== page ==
When the Mobile widgets are used in conjunction with the Mobile Application toolkit, it’s assumed that the application is running on a phone or tablet device within a browser or a WebView.

To get started with the Kendo UI Mobile Application Toolkit read the, “Intro to Building Apps With Kendo UI Mobile” tutorial and review the API documents for kendo.mobile.Application.

Strategy 4: Use AppBuilder (Mobile Build/Development Tool) To Aid In Hybrid Native Development, Bridging Native API’s, and Output Cross-Platform Apps

Using Kendo UI Mobile widgets and the Mobile Application Toolkit, a developer can build a native hybrid application that is intended to simply run in a WebView. However, the developer is burdened with taking the Kendo UI mobile application and creating a native application with a WebView for each platform they would like the application to run on. Additionally, what if the application required access to a native API, like the camera? How will the developer bridge the gap between the web application in the WebView and the native environment? What’s needed is a tool that will take in HTML, CSS, and JavaScript and output the desired (i.e. iOS, Android, Windows Phone 8) native applications and also provide access to a devices native API’s (e.g. the devices camera).

This is exactly where AppBuilder steps in solves a number of complexities associated with hybrid development. In fact, solving the distribution and native API jungle is just the tip of the iceberg for AppBuilder. Appbuilder reduces the complexities associated with hybrid development and deployment.

The best place to get started with AppBuilder is to sign up for a free trial and play around with the “Friends App” example application already set up and ready to roll. Of course, reading the docs is a great place to start too.

Strategy 5: Use Native Widgets to Augment Native Mobile Development done in Objective-C, Java, or C# with Native Android, iOS, Windows Widgets

hybrid native mobile application is not always the ideal solution for a project. In those situations Telerik offers Native Android, iOS, Windows Widgets to be used by Objective-C, Java, or C# developers when doing native application development.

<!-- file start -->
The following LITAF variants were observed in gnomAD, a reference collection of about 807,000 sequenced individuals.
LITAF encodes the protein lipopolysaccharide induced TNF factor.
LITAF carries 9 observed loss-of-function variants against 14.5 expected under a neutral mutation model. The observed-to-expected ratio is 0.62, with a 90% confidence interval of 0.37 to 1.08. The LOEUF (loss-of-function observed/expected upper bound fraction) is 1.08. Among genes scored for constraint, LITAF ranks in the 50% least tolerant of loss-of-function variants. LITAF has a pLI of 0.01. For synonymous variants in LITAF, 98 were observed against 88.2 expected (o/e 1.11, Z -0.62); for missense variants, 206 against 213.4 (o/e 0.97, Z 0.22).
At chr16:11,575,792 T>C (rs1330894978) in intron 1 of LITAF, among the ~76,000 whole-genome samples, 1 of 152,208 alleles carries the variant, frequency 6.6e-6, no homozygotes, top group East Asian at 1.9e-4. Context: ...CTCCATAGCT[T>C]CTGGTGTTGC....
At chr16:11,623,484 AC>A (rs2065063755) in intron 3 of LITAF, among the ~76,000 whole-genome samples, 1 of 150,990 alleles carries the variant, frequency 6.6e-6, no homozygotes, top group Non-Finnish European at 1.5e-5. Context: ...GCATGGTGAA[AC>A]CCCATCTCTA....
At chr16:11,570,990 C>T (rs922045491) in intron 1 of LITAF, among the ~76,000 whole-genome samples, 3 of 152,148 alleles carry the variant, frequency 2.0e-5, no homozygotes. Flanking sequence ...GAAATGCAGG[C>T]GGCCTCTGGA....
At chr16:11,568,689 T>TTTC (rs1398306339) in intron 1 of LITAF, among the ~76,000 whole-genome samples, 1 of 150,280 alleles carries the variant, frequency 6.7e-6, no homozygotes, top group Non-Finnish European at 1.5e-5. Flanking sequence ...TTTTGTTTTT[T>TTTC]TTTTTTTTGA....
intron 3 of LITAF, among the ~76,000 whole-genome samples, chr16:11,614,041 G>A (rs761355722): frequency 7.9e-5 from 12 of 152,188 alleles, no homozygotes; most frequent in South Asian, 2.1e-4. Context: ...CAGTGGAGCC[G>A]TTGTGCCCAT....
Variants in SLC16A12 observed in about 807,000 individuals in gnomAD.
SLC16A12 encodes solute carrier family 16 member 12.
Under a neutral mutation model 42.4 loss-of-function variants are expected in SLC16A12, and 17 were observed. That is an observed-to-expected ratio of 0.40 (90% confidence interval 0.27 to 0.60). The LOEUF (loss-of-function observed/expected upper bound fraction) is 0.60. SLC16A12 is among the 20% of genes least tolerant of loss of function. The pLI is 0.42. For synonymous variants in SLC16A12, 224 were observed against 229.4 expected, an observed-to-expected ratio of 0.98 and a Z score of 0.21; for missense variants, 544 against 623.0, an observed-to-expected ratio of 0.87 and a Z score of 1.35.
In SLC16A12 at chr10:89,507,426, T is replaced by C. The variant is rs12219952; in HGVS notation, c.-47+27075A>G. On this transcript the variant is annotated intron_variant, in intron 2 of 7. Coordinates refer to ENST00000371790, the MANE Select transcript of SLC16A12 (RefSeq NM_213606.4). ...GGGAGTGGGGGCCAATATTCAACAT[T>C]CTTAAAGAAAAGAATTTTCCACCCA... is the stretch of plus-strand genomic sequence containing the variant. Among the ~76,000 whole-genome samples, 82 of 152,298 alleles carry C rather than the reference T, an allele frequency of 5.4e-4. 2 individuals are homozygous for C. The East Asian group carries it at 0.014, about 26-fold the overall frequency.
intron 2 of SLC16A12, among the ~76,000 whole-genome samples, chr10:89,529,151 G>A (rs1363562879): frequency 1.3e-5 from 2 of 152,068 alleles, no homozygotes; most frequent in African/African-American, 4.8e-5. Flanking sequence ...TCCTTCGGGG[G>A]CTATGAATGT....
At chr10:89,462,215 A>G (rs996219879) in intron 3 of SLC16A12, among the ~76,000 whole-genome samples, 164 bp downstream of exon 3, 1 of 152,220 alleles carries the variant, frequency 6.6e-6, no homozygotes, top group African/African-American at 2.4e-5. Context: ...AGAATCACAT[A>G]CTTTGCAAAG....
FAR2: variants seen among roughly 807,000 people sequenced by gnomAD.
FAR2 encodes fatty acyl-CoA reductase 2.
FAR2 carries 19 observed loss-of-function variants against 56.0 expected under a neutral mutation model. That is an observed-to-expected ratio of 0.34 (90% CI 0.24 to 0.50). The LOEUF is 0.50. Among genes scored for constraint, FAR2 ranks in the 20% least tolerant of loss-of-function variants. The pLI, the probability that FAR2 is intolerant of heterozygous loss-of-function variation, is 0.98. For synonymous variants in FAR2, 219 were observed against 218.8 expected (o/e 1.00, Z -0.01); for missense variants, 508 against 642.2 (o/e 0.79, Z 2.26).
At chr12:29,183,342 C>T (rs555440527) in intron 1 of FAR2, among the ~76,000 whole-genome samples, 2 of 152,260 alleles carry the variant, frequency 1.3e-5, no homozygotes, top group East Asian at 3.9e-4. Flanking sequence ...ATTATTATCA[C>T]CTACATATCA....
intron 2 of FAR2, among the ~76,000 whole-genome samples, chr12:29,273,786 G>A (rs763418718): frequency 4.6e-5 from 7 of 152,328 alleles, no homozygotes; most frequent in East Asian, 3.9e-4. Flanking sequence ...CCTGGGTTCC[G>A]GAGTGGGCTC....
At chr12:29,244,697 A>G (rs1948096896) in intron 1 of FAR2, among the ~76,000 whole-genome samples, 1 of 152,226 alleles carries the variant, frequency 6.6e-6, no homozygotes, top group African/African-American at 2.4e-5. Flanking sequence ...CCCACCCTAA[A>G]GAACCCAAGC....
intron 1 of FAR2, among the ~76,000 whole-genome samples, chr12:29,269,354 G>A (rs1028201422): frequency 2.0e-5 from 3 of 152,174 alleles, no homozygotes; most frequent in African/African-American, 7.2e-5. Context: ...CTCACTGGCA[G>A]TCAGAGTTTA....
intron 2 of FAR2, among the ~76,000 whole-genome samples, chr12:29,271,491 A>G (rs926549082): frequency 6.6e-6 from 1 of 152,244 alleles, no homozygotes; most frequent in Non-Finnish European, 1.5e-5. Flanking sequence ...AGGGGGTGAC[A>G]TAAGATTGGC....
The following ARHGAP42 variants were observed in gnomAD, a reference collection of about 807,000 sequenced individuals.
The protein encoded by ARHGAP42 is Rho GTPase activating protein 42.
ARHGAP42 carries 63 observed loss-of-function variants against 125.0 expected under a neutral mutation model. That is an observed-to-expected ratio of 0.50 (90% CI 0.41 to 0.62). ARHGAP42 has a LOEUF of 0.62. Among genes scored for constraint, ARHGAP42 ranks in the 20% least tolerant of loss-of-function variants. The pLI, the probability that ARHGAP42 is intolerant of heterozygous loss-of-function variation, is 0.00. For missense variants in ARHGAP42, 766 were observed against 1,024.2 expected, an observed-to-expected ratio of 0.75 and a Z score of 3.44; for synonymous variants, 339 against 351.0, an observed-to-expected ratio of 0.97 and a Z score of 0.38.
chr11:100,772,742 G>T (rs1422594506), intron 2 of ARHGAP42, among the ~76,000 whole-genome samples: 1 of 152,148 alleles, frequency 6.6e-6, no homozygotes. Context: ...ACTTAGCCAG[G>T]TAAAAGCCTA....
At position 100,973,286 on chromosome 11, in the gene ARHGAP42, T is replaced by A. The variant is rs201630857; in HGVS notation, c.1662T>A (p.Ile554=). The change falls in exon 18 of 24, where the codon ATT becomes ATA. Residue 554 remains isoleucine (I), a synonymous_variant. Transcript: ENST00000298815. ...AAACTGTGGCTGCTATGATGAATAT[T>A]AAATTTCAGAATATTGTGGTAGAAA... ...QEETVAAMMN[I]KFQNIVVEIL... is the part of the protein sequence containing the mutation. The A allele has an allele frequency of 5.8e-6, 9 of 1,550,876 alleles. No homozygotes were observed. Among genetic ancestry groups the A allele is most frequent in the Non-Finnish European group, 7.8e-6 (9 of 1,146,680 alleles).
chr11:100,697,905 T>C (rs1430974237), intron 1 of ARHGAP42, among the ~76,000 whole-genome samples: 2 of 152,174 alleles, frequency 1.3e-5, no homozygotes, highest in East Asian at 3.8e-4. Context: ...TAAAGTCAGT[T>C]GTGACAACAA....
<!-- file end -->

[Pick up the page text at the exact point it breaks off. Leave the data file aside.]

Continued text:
To get started with any of the native mobile widgets checkout one of their product pages:

Future Strategy: Use JavaScript via NativeScript To Build Truly Native iOS and Android applications

In the future, Telerik will be offering NativeScript which intends to move closer to the ideal of building mobile applications in one language (i.e. JavaScript) that can directly use the native APIs on multiple platforms without relying on Cordova.

NativeScript is currently available as a private preview. You can sign up for the NativeScript Insiders program here.


This article was not intended to give you in-depth working knowledge of each strategy, but more of a high level overview of Telerik solutions to help you formulate the best solution for your mobile project. It’s my hope, minimally, that I’ve set up a mental context for logically understanding the stops along Telerik’s mobile development road.


TJ VanToll

Developer Advocate for Telerik

is a developer advocate for Telerik, a jQuery team member, and the author of jQuery UI in Action. TJ has over a decade of web development experience—specializing in performance and the mobile web—and speaks about his research at conferences around the world. TJ is @tjvantoll on Twitter and tjvantoll on GitHub.